By Elizabeth AtiaMay 7th 2014
Elizabeth Atia

I am constantly on the lookout for recipe inspiration, especially Shetland recipes and the stories behind them. These are the sorts of things I want to share with Taste of Shetland readers. These are the true Tastes of Shetland: real people, real recipes, real stories.

So, you can imagine my delight when I saw a photograph of half a recipe on the Shetland Photo A Day Challenge Facebook group, posted there by my neighbour Charmaine Inkster! I was virtually knocking on her door right away! I wanted to see the rest of the recipe, and better yet, I wanted to try these best oatcakes ever for myself!

This morning Charmaine gladly obliged my request, and I joined her in her kitchen as she made her granny's oatcakes.

Charmaine was born and raised here in Shetland and her granny was Doris Inkster from Scalloway. Doris was an avid baker and she raised a family of seven children on wholesome home cooked food. At one time she had four children under the age of four! Even after her children grew up and left home she'd still make large family lunches as she knew someone would always turn up for a bite to eat.

Charmaine fondly recalls her granny's oatcakes. Most times she went visiting as a child and even as an adult she'd ask her granny if she had made any oatcakes for her. When Charmaine left Shetland in 1998 she asked her granny for the recipe and shortly before her grandmother died seven years ago she gave Charmaine a handwritten copy of it.

Granny Inkster's oatcakes are now made by Charmaine for her own two children (with a third on the way) now that she's living back in Shetland. She returned three years ago to raise her children closer to her family and now Charmaine has kindly given me the recipe to share with you all.

This recipe makes a big batch, Charmaine says, so it needs to be cooked in two lots. Although her grandmother used to cut them into squares Charmaine prefers to use shaped cookie cutters, as these appeal to her children, (Carah likes the flower shaped cutter). When it comes to mixing, hand mixing is always the best. The children like to get involved in this as well.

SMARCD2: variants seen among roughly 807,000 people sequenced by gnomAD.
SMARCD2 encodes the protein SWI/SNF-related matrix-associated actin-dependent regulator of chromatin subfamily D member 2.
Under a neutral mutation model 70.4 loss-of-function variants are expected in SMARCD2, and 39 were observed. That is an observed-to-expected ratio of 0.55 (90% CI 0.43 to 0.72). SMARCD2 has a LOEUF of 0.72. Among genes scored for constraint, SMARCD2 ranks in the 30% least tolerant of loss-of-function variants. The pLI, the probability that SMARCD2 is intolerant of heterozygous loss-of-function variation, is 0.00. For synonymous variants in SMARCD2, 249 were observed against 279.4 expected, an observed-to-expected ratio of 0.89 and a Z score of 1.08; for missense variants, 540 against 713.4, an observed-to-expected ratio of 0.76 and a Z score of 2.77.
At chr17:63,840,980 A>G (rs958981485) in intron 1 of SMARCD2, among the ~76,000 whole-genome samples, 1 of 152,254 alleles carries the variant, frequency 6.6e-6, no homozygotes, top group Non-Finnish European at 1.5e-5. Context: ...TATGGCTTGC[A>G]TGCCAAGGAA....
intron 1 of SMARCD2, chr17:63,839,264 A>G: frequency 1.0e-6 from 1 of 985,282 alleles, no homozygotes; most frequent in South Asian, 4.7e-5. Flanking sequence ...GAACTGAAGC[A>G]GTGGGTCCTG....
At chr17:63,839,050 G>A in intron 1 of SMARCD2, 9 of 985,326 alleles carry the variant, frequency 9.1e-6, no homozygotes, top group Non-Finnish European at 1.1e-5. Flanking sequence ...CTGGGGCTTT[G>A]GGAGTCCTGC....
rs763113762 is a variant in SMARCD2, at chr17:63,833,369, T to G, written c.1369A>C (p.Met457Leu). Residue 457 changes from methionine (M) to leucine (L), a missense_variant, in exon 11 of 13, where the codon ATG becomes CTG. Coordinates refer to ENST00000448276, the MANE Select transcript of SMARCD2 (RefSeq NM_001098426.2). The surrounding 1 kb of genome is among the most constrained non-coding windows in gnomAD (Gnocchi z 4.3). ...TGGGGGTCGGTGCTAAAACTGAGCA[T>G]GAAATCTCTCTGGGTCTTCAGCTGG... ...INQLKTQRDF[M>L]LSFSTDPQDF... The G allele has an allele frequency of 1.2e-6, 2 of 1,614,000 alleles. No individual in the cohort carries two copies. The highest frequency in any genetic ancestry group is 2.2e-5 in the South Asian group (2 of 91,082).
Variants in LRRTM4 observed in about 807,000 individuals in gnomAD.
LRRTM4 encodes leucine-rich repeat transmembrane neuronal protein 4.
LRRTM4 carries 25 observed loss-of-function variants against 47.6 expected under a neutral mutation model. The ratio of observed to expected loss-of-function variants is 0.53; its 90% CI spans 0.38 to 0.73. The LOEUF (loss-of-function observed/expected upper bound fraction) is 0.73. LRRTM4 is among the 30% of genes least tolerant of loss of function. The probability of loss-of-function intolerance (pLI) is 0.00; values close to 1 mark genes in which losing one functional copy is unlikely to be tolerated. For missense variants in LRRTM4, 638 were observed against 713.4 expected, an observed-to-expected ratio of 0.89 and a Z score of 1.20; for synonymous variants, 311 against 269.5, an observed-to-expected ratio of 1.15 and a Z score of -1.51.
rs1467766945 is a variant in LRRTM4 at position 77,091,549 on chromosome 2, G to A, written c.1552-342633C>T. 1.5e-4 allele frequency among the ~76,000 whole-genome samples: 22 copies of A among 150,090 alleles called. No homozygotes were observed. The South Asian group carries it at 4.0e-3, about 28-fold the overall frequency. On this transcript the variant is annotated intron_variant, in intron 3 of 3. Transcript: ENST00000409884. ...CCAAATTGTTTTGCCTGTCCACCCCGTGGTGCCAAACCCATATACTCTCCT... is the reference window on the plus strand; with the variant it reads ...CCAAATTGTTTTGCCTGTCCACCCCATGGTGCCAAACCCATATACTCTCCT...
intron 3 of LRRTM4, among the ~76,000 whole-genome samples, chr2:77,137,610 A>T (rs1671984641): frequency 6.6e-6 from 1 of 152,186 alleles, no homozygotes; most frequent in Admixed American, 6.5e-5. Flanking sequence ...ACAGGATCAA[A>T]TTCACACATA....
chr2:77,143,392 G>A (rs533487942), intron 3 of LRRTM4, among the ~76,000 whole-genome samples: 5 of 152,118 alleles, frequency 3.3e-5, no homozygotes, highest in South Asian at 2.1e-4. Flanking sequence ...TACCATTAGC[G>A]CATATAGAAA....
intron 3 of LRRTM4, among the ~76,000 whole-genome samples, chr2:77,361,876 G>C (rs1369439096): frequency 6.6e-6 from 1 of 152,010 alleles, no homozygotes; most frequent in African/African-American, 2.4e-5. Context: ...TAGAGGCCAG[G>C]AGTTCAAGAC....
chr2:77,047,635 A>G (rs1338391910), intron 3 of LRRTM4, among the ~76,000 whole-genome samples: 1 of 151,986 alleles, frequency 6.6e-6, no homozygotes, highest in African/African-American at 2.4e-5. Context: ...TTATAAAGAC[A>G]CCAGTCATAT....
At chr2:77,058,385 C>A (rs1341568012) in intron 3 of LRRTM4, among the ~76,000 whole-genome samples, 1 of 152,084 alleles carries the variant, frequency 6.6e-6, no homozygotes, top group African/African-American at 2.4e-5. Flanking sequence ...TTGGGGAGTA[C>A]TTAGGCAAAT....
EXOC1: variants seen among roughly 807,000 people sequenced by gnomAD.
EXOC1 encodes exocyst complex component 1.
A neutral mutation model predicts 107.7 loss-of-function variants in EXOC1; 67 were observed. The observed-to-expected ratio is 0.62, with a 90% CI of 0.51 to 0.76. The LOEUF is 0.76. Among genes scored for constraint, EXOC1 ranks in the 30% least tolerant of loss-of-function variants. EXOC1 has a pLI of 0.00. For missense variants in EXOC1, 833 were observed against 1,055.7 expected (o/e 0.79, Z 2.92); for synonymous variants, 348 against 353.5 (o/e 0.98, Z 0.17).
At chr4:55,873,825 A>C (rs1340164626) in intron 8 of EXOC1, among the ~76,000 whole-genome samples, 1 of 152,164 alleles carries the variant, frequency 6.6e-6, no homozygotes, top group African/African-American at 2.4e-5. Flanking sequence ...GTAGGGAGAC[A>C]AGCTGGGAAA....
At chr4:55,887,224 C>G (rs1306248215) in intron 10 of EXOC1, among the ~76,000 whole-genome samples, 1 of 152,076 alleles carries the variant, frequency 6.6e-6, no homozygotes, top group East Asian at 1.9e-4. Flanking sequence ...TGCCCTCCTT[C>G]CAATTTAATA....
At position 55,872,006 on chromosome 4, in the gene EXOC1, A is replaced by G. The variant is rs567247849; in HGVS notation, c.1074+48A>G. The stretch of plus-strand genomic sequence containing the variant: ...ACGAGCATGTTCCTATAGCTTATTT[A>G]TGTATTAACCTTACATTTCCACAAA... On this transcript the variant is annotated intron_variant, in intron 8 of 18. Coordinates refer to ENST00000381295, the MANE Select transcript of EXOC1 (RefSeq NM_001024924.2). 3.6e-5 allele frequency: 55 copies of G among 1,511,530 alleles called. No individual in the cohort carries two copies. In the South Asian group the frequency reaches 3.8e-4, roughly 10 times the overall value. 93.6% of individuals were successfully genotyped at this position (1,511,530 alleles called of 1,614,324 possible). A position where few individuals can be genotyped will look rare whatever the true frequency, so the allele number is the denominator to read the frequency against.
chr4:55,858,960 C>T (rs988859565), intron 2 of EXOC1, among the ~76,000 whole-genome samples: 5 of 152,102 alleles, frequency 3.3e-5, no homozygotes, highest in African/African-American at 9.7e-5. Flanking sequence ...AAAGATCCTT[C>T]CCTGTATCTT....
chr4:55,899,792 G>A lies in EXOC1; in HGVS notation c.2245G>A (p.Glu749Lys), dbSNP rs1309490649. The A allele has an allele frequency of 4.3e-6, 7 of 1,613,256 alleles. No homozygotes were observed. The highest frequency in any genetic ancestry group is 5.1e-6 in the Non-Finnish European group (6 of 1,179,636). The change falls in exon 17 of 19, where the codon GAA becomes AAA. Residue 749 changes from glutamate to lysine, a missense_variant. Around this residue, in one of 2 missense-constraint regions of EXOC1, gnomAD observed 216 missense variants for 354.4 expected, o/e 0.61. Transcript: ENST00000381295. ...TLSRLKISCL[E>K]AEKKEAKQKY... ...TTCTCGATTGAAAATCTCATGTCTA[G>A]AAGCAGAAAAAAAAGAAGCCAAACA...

These oatcakes are delicious on their own or served with butter and cheese. They are absolutely wonderful oatcakes; I tried them myself this morning warm out of the oven. They are crisp and crumbly but sturdy enough to withstand a topping. They are also incredibly moreish - I don't think a batch would last very long in my house!

Granny Inkster's Oatcakes

Course: Main
Servings: 20 oatcakes
Prep Time: 15 minutes
Cook Time: 25-30 minutes


  • Medium oatmeal - 8 oz
  • White self raising flour - 4 oz
  • Wholemeal self raising flour - 4 oz
  • White sugar - 2 oz
  • Margarine - 6 oz
  • Egg - 1 large


  1. Mix together all dry ingredients.
  2. Then rub in the margarine or melt it and stir it in (notice not to do this if it's hot).
  3. Beat the egg and stir that in.
  4. Divide mixture in two and roll out on a board or table which has been sprinkled with oatmeal.
  5. Cut into ten pieces each and lift carefully with fish slice on to the baking trays.
  6. Have your oven preheated to 350 F/180 C and if it's a fan oven 170 C
  7. Cook for approximately 25-30 minutes

Granny's notes: If they are not crisp enough the first time just cook a bit longer when you make them again.

Charmaine's notes: Scottish porridge oats work well in this instead of medium oatmeal.

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